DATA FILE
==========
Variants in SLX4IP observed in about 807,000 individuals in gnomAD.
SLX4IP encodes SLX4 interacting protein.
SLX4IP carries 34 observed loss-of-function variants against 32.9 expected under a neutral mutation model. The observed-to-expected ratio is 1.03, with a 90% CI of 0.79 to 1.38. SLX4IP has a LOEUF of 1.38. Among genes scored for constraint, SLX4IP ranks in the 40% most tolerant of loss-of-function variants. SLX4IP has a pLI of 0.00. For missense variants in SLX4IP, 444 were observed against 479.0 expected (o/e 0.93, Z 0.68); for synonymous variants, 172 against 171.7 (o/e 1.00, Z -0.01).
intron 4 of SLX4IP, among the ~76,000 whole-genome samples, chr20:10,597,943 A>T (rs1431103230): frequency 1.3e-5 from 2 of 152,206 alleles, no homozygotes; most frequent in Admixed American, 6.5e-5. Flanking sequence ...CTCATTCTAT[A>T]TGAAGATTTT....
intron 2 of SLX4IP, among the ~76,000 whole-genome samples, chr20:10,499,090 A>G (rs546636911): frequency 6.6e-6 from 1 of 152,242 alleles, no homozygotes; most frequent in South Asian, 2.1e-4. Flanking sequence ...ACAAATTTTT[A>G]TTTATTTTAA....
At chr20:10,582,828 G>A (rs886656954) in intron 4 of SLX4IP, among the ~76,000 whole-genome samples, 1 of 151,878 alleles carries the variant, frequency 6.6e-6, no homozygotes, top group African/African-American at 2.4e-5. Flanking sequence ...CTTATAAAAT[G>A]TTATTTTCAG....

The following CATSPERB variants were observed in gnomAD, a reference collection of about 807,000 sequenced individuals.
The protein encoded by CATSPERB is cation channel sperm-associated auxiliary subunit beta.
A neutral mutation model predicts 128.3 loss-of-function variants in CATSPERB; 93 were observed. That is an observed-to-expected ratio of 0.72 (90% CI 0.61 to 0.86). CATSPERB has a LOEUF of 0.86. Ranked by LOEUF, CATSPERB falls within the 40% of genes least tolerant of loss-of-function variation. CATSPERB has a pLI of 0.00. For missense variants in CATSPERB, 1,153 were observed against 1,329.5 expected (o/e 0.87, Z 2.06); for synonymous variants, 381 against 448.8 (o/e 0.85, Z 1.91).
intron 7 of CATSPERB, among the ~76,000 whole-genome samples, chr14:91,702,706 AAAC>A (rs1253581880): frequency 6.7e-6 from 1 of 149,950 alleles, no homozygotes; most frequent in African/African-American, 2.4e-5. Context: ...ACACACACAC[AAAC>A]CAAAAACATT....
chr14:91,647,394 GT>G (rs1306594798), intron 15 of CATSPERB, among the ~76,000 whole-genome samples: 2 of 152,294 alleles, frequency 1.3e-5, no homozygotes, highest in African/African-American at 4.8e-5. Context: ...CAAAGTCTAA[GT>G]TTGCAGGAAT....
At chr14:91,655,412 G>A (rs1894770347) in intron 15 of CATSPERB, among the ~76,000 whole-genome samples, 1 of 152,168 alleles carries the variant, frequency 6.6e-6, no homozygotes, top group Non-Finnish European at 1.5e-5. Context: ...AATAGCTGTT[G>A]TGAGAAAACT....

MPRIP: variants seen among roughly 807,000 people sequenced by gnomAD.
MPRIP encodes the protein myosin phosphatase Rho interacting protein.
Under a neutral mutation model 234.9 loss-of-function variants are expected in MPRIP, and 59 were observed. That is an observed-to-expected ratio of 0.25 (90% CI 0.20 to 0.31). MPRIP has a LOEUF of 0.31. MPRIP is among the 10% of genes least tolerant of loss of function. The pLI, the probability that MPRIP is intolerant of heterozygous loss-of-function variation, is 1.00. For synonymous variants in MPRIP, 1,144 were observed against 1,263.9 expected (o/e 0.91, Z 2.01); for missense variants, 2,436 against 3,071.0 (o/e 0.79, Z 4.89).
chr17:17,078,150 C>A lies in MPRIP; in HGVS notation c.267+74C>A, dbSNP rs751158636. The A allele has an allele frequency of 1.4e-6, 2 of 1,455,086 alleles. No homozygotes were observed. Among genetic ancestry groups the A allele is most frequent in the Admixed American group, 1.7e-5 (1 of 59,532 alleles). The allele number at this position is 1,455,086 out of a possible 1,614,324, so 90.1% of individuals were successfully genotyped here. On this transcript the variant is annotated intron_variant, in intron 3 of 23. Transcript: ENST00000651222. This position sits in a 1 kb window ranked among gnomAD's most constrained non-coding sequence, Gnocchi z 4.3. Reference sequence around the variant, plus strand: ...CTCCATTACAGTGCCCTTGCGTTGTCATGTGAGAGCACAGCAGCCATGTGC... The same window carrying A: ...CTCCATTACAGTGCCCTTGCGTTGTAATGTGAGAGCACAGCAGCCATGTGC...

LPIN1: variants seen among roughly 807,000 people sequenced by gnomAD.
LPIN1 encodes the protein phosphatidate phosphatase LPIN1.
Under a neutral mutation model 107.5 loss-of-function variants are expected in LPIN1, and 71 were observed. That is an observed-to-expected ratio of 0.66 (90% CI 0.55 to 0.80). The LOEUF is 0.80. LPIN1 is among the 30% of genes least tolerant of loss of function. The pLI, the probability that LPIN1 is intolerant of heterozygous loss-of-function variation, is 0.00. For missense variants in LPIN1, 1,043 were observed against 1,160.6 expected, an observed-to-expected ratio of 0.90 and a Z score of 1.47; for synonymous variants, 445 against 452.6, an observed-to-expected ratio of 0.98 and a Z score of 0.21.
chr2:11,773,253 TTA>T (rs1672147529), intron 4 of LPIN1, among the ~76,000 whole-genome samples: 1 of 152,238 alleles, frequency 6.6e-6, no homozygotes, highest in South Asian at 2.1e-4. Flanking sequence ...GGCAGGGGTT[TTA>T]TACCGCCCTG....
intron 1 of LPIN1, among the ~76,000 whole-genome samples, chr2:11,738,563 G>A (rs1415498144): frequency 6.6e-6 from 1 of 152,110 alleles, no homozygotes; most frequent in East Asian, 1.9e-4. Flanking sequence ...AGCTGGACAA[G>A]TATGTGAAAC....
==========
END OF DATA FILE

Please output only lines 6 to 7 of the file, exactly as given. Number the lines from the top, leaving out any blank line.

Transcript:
At chr20:10,582,828 G>A (rs886656954) in intron 4 of SLX4IP, among the ~76,000 whole-genome samples, 1 of 151,878 alleles carries the variant, frequency 6.6e-6, no homozygotes, top group African/African-American at 2.4e-5. Flanking sequence ...CTTATAAAAT[G>A]TTATTTTCAG....

The following CATSPERB variants were observed in gnomAD, a reference collection of about 807,000 sequenced individuals.